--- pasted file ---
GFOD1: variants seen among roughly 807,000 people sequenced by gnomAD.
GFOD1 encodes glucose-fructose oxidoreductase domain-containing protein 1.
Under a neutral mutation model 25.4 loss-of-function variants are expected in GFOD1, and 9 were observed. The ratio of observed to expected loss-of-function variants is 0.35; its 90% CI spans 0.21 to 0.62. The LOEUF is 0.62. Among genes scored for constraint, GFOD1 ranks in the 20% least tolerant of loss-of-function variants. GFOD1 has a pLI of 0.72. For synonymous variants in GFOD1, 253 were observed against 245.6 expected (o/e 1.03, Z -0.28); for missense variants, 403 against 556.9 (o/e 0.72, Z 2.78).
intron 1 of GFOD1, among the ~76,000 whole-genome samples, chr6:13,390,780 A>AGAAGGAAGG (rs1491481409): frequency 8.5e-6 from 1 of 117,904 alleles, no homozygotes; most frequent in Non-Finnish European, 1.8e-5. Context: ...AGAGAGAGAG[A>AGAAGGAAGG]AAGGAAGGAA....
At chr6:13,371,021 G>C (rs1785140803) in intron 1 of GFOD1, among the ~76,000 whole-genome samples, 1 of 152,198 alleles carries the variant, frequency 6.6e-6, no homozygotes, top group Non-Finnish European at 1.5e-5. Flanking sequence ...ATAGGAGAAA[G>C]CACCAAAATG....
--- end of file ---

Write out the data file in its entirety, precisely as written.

GFOD1: variants seen among roughly 807,000 people sequenced by gnomAD.
GFOD1 encodes glucose-fructose oxidoreductase domain-containing protein 1.
Under a neutral mutation model 25.4 loss-of-function variants are expected in GFOD1, and 9 were observed. The ratio of observed to expected loss-of-function variants is 0.35; its 90% CI spans 0.21 to 0.62. The LOEUF is 0.62. Among genes scored for constraint, GFOD1 ranks in the 20% least tolerant of loss-of-function variants. GFOD1 has a pLI of 0.72. For synonymous variants in GFOD1, 253 were observed against 245.6 expected (o/e 1.03, Z -0.28); for missense variants, 403 against 556.9 (o/e 0.72, Z 2.78).
intron 1 of GFOD1, among the ~76,000 whole-genome samples, chr6:13,390,780 A>AGAAGGAAGG (rs1491481409): frequency 8.5e-6 from 1 of 117,904 alleles, no homozygotes; most frequent in Non-Finnish European, 1.8e-5. Context: ...AGAGAGAGAG[A>AGAAGGAAGG]AAGGAAGGAA....
At chr6:13,371,021 G>C (rs1785140803) in intron 1 of GFOD1, among the ~76,000 whole-genome samples, 1 of 152,198 alleles carries the variant, frequency 6.6e-6, no homozygotes, top group Non-Finnish European at 1.5e-5. Flanking sequence ...ATAGGAGAAA[G>C]CACCAAAATG....